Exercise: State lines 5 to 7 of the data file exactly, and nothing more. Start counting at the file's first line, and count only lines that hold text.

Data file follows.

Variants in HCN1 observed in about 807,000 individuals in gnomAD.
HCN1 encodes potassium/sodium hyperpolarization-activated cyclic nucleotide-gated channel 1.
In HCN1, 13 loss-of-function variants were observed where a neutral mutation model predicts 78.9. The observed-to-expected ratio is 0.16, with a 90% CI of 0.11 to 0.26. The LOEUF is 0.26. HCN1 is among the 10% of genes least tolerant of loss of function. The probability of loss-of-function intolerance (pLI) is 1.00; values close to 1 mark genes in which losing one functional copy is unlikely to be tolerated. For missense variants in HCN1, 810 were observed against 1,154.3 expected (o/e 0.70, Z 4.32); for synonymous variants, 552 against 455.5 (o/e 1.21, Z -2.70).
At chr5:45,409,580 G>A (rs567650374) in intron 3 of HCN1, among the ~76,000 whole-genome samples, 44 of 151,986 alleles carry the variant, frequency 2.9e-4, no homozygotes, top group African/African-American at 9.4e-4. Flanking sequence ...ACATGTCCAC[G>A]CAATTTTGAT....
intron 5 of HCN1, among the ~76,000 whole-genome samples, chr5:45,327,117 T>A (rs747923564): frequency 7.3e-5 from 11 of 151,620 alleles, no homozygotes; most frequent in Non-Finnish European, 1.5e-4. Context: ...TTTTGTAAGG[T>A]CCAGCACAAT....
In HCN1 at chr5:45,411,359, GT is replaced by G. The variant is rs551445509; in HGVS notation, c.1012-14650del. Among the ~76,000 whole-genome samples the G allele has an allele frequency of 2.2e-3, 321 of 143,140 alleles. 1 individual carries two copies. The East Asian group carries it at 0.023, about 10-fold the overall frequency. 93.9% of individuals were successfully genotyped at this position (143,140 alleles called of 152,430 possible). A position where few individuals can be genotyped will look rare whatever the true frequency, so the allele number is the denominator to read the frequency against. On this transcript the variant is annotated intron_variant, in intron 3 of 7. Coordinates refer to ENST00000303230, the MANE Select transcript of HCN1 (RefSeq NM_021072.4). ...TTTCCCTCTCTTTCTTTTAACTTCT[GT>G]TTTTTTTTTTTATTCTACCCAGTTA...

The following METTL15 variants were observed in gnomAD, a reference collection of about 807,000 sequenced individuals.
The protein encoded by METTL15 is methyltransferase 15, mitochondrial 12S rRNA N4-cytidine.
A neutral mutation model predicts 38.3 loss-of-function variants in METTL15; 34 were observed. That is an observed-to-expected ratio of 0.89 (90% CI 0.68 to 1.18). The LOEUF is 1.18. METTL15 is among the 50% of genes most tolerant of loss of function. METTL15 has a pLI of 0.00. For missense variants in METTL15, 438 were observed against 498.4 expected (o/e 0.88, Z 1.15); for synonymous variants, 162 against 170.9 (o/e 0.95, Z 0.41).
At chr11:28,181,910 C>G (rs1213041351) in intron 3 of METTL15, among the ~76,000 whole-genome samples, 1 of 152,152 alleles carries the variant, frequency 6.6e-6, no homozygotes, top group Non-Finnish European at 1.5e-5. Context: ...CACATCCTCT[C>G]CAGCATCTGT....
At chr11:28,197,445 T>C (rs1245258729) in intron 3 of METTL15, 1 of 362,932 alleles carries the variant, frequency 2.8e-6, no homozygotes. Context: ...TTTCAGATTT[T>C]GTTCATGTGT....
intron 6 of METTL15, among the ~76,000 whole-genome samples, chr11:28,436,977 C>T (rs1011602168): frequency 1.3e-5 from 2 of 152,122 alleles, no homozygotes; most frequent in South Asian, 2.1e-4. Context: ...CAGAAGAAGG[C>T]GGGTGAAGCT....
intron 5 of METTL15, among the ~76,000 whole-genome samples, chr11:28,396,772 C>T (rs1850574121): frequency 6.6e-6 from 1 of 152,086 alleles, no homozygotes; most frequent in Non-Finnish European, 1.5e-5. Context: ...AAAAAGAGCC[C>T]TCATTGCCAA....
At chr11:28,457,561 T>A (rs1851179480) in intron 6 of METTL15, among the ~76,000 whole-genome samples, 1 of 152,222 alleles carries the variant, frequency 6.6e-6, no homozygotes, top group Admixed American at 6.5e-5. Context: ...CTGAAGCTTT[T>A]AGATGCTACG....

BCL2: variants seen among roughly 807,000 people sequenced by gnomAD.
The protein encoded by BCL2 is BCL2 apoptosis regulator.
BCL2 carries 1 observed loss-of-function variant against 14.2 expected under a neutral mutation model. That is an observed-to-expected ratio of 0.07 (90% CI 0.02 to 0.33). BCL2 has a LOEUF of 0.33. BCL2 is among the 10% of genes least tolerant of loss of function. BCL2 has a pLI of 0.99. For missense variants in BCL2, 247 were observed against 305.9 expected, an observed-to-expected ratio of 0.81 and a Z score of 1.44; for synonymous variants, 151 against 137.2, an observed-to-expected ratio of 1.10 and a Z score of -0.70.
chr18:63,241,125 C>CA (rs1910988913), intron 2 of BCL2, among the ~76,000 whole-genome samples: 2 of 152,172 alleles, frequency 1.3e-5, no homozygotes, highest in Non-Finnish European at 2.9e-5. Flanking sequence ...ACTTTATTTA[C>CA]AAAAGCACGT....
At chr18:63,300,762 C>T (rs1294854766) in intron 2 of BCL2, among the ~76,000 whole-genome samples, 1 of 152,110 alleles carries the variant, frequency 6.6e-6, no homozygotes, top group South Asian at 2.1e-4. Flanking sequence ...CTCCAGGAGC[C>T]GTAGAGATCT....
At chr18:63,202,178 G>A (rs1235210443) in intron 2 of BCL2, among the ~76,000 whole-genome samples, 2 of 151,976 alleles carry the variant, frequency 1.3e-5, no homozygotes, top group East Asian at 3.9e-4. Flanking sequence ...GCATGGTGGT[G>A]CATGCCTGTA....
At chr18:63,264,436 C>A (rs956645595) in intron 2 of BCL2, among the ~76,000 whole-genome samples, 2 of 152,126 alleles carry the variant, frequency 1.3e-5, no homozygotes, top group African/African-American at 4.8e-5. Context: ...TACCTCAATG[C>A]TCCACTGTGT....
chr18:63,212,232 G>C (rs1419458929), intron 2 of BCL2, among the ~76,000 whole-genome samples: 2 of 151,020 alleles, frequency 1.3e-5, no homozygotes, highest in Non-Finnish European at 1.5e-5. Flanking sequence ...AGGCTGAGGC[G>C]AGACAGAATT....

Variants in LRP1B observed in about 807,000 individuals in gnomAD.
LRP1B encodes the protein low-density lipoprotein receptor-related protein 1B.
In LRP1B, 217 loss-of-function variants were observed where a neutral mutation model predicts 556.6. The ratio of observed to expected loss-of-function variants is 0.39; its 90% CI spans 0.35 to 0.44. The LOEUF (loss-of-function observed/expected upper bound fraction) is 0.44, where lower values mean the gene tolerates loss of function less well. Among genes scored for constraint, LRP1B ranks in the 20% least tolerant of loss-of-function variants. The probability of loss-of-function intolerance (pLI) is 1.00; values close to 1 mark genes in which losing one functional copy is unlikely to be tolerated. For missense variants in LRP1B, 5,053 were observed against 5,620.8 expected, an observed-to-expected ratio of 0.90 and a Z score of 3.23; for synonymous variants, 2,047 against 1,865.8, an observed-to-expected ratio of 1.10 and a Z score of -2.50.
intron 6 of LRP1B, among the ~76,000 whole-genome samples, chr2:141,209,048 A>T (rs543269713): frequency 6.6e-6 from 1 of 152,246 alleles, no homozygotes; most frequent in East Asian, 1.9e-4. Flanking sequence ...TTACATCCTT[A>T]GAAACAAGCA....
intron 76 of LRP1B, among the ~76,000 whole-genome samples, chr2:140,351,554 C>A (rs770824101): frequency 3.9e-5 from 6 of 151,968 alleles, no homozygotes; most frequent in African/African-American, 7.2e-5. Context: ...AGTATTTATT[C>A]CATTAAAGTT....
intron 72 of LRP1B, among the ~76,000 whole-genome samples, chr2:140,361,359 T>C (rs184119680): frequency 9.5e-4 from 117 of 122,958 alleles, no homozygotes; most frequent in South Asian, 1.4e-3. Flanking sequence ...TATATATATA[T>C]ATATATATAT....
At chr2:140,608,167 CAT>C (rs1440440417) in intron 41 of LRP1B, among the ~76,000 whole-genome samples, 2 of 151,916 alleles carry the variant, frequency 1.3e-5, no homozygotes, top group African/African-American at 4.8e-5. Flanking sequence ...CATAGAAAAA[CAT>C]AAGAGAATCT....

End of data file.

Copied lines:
intron 5 of HCN1, among the ~76,000 whole-genome samples, chr5:45,327,117 T>A (rs747923564): frequency 7.3e-5 from 11 of 151,620 alleles, no homozygotes; most frequent in Non-Finnish European, 1.5e-4. Context: ...TTTTGTAAGG[T>A]CCAGCACAAT....
In HCN1 at chr5:45,411,359, GT is replaced by G. The variant is rs551445509; in HGVS notation, c.1012-14650del. Among the ~76,000 whole-genome samples the G allele has an allele frequency of 2.2e-3, 321 of 143,140 alleles. 1 individual carries two copies. The East Asian group carries it at 0.023, about 10-fold the overall frequency. 93.9% of individuals were successfully genotyped at this position (143,140 alleles called of 152,430 possible). A position where few individuals can be genotyped will look rare whatever the true frequency, so the allele number is the denominator to read the frequency against. On this transcript the variant is annotated intron_variant, in intron 3 of 7. Coordinates refer to ENST00000303230, the MANE Select transcript of HCN1 (RefSeq NM_021072.4). ...TTTCCCTCTCTTTCTTTTAACTTCT[GT>G]TTTTTTTTTTTATTCTACCCAGTTA...

The following METTL15 variants were observed in gnomAD, a reference collection of about 807,000 sequenced individuals.